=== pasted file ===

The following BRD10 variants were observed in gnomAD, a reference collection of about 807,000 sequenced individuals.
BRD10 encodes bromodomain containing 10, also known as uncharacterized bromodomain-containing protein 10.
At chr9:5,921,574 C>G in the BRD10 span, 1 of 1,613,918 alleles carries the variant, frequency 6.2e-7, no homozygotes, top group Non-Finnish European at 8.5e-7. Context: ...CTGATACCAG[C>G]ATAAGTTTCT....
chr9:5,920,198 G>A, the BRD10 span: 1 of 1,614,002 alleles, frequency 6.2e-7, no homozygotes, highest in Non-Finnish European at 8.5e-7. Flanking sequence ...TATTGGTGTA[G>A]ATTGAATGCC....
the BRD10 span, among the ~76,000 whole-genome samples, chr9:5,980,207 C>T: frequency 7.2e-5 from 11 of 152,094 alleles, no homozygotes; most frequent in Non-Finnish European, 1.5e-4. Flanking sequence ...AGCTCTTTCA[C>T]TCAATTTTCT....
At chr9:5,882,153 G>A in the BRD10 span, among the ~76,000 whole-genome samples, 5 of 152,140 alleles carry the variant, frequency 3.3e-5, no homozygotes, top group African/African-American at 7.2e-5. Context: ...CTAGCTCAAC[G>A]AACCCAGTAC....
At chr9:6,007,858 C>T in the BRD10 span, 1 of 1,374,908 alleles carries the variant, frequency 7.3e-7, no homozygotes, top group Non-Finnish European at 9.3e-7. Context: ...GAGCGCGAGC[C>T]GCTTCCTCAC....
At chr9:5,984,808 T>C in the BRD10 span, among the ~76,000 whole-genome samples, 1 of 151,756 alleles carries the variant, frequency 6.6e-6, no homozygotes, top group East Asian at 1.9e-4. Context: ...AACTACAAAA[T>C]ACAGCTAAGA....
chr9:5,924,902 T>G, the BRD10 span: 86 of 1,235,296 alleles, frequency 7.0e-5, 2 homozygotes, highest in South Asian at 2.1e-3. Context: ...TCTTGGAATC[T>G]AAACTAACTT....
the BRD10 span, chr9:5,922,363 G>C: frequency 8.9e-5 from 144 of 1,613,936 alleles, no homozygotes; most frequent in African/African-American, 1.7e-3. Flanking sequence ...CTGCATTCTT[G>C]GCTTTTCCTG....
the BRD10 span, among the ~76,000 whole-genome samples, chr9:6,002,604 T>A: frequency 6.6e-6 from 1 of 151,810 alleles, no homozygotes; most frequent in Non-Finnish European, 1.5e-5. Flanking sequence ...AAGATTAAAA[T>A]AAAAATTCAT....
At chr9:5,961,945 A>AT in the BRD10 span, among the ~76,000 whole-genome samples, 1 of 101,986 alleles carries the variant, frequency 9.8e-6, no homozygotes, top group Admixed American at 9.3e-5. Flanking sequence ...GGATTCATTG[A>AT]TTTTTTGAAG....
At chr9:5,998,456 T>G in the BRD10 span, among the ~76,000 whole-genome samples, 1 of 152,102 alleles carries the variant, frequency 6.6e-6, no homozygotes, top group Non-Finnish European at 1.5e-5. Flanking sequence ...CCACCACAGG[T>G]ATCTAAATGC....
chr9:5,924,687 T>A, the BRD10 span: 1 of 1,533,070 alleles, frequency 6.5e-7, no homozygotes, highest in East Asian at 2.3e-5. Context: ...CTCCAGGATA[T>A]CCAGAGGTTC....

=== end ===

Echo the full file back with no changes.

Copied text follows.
The following BRD10 variants were observed in gnomAD, a reference collection of about 807,000 sequenced individuals.
BRD10 encodes bromodomain containing 10, also known as uncharacterized bromodomain-containing protein 10.
At chr9:5,921,574 C>G in the BRD10 span, 1 of 1,613,918 alleles carries the variant, frequency 6.2e-7, no homozygotes, top group Non-Finnish European at 8.5e-7. Context: ...CTGATACCAG[C>G]ATAAGTTTCT....
chr9:5,920,198 G>A, the BRD10 span: 1 of 1,614,002 alleles, frequency 6.2e-7, no homozygotes, highest in Non-Finnish European at 8.5e-7. Flanking sequence ...TATTGGTGTA[G>A]ATTGAATGCC....
the BRD10 span, among the ~76,000 whole-genome samples, chr9:5,980,207 C>T: frequency 7.2e-5 from 11 of 152,094 alleles, no homozygotes; most frequent in Non-Finnish European, 1.5e-4. Flanking sequence ...AGCTCTTTCA[C>T]TCAATTTTCT....
At chr9:5,882,153 G>A in the BRD10 span, among the ~76,000 whole-genome samples, 5 of 152,140 alleles carry the variant, frequency 3.3e-5, no homozygotes, top group African/African-American at 7.2e-5. Context: ...CTAGCTCAAC[G>A]AACCCAGTAC....
At chr9:6,007,858 C>T in the BRD10 span, 1 of 1,374,908 alleles carries the variant, frequency 7.3e-7, no homozygotes, top group Non-Finnish European at 9.3e-7. Context: ...GAGCGCGAGC[C>T]GCTTCCTCAC....
At chr9:5,984,808 T>C in the BRD10 span, among the ~76,000 whole-genome samples, 1 of 151,756 alleles carries the variant, frequency 6.6e-6, no homozygotes, top group East Asian at 1.9e-4. Context: ...AACTACAAAA[T>C]ACAGCTAAGA....
chr9:5,924,902 T>G, the BRD10 span: 86 of 1,235,296 alleles, frequency 7.0e-5, 2 homozygotes, highest in South Asian at 2.1e-3. Context: ...TCTTGGAATC[T>G]AAACTAACTT....
the BRD10 span, chr9:5,922,363 G>C: frequency 8.9e-5 from 144 of 1,613,936 alleles, no homozygotes; most frequent in African/African-American, 1.7e-3. Flanking sequence ...CTGCATTCTT[G>C]GCTTTTCCTG....
the BRD10 span, among the ~76,000 whole-genome samples, chr9:6,002,604 T>A: frequency 6.6e-6 from 1 of 151,810 alleles, no homozygotes; most frequent in Non-Finnish European, 1.5e-5. Flanking sequence ...AAGATTAAAA[T>A]AAAAATTCAT....
At chr9:5,961,945 A>AT in the BRD10 span, among the ~76,000 whole-genome samples, 1 of 101,986 alleles carries the variant, frequency 9.8e-6, no homozygotes, top group Admixed American at 9.3e-5. Flanking sequence ...GGATTCATTG[A>AT]TTTTTTGAAG....
At chr9:5,998,456 T>G in the BRD10 span, among the ~76,000 whole-genome samples, 1 of 152,102 alleles carries the variant, frequency 6.6e-6, no homozygotes, top group Non-Finnish European at 1.5e-5. Flanking sequence ...CCACCACAGG[T>G]ATCTAAATGC....
chr9:5,924,687 T>A, the BRD10 span: 1 of 1,533,070 alleles, frequency 6.5e-7, no homozygotes, highest in East Asian at 2.3e-5. Context: ...CTCCAGGATA[T>A]CCAGAGGTTC....